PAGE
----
The next time you are at the front of the lineup waiting for the signal to turn green, watch the driver beside you. Many times when the traffic signal turns green they will immediately proceed without looking to the left or right for hazards or traffic already lawfully in the intersection. A green light doesn't always mean go.
Mr. Victor Shymanski was charged with disobeying a traffic control device after he drove his commercial vehicle past a regulatory sign requiring him to stop and check his brakes. He was convicted at trial. Subsequent to that he applied for Charter relief, claiming that his rights under section 7 had been violated because a ticket for a violation of the Traffic Control Device Regulation under section 125 of the Motor Vehicle Act is vague and unenforceable. This case is the resolution of the requested relief.
A reader from Vancouver asked me where the rules came from for bicycle lanes and signs as they could not be found in the provincial driving manual, Learn to Drive Smart. Included in the e-mail was a link to the City of Vancouver's web site which showed a collection of signs and markings that are now in use on the city streets there. I didn't think that this was going to be a tough question!
A car enters a 6-lane deep intersection on a green light with intentions to go straight through but the car in front of him stops mid-intersection and turns on it's left turn signal, causing the car behind to stop and wait. The light turns yellow and then red before the vehicle turning left is able to proceed. The car behind now must exit the intersection but the perpendicular lanes of traffic now have a green light.
There is a pedestrian controlled crosswalk at Vivian Street crossing 49th Avenue in Vancouver. For vehicle traffic trying to cross or turn there, there is a stop sign. Do I still have to obey the stop sign if I see that a pedestrian has turn the light red (i.e. all traffic on 49th is stopped)? Can I just go straight through?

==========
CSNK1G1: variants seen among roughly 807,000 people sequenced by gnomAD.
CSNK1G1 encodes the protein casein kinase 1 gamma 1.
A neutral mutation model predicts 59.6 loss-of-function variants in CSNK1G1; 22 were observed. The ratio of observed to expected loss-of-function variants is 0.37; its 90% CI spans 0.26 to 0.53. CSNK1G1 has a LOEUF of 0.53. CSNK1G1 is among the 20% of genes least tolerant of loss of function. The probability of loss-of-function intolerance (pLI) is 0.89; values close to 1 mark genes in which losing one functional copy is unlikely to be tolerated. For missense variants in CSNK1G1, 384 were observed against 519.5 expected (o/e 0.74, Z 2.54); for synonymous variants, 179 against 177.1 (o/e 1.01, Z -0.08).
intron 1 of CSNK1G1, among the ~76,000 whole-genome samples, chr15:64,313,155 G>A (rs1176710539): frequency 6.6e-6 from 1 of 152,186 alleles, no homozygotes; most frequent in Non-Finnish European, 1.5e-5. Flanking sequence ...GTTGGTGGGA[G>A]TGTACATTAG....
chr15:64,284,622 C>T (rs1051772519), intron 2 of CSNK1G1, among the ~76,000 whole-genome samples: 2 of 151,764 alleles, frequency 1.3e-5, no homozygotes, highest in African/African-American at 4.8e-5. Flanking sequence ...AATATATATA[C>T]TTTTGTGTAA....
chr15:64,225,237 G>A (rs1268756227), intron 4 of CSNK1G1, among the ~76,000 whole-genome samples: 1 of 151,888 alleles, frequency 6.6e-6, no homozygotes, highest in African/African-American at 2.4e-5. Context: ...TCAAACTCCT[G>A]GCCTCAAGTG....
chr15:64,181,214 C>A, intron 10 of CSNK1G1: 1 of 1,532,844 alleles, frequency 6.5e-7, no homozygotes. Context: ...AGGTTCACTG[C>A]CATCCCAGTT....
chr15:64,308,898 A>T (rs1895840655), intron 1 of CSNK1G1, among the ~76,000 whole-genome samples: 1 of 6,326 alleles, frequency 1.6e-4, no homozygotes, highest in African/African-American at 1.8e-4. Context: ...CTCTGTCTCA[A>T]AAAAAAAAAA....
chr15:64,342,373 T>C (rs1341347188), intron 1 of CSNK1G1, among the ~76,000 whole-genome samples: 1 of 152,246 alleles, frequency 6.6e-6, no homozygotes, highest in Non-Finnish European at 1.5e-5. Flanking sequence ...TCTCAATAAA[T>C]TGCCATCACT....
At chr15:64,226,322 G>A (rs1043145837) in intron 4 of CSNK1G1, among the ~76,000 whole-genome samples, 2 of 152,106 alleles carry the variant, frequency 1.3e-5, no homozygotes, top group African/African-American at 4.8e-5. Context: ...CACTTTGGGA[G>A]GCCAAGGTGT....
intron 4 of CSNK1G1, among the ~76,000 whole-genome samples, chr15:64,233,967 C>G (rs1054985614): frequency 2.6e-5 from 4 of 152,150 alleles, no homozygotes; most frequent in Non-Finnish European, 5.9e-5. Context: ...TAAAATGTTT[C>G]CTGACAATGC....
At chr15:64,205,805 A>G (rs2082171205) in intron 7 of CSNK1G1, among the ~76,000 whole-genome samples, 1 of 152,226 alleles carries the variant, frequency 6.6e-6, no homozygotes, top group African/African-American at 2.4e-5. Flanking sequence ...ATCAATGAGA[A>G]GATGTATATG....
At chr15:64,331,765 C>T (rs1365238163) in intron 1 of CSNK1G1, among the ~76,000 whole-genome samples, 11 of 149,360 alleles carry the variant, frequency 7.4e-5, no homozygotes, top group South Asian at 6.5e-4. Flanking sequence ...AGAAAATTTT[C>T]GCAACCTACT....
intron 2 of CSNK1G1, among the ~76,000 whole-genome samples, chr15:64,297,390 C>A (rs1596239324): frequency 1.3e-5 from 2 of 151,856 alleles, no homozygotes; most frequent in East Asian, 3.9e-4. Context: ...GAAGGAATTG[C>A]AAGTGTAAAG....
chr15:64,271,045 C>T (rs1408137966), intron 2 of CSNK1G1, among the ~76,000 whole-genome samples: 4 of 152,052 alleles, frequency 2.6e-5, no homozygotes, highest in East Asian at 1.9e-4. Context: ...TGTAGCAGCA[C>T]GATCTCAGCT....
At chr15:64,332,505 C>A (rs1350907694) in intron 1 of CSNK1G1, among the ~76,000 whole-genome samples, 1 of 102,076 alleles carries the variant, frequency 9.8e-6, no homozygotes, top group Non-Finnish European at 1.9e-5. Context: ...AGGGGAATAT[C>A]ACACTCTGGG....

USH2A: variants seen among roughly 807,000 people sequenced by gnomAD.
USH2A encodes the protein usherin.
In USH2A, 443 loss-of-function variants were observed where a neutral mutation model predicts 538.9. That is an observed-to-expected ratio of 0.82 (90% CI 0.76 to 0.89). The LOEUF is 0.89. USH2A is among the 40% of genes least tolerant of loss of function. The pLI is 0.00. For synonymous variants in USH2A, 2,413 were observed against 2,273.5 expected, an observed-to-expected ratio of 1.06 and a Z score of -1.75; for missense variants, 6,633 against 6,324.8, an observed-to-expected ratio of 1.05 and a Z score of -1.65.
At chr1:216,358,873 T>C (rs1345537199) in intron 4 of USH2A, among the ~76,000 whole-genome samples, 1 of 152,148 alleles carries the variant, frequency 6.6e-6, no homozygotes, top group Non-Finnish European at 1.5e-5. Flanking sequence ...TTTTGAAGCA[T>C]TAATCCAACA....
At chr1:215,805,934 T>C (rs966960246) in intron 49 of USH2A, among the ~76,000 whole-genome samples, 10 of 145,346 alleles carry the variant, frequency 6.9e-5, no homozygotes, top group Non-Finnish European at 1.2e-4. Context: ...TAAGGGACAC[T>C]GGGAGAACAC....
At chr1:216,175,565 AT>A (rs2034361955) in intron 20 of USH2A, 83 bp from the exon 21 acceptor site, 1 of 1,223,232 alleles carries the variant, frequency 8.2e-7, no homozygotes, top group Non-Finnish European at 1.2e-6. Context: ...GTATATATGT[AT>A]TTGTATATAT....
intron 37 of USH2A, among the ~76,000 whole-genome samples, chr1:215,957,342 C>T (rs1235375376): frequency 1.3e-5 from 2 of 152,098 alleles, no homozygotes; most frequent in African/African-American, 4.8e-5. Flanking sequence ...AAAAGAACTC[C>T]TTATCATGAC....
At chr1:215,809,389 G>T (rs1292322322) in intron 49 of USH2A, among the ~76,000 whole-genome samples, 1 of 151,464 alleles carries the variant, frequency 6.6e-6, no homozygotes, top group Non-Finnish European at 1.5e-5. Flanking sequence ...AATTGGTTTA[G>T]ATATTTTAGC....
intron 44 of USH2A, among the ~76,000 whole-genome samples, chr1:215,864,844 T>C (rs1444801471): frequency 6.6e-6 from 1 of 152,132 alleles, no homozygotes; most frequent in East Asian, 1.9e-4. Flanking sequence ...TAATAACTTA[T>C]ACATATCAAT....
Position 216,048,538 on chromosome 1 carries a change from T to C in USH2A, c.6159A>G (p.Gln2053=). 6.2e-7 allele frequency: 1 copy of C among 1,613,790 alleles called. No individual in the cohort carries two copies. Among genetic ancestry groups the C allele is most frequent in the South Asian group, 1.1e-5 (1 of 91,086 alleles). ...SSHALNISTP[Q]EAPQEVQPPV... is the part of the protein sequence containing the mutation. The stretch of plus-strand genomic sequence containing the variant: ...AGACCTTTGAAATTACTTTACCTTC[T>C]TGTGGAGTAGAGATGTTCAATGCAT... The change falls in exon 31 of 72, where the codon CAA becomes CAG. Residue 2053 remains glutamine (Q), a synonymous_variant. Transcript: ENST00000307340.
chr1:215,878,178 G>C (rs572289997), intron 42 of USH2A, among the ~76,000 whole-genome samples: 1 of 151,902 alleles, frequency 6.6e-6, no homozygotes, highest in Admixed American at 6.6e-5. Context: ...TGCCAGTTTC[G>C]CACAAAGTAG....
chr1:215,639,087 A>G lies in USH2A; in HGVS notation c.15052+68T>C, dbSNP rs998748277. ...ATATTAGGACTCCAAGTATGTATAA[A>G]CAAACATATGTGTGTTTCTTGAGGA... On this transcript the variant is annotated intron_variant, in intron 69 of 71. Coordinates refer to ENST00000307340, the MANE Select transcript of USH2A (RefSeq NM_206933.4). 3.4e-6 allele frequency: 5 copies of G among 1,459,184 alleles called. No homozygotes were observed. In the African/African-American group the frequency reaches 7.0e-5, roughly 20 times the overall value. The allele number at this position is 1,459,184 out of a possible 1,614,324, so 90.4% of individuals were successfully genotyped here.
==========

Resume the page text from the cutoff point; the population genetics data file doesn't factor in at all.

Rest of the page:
My car was recently hit in an intersection, crossing it from east to west. I was crossing with the pedestrian light facing me (there is no traffic light facing me). The other driver, travelling from north to south ran the red light she had and hit me in the intersection.
Believe it or not, in British Columbia a yellow traffic light tells you that you must stop before you enter the intersection! Yes, I know that there is one caveat to that statement, and it is "unless the stop cannot be made in safety." The onus is on the driver that does not stop for the yellow light to show that it was unsafe if they are involved in court proceedings because of their decision.
I'm a visitor from Virginia, and have been driving in the Vancouver area for a few times in the past. I have read the DriveSmartBC website information on flashing traffic lights but I still need some assistance: what is / are the difference(s) between a flashing yellow light and a flashing green light?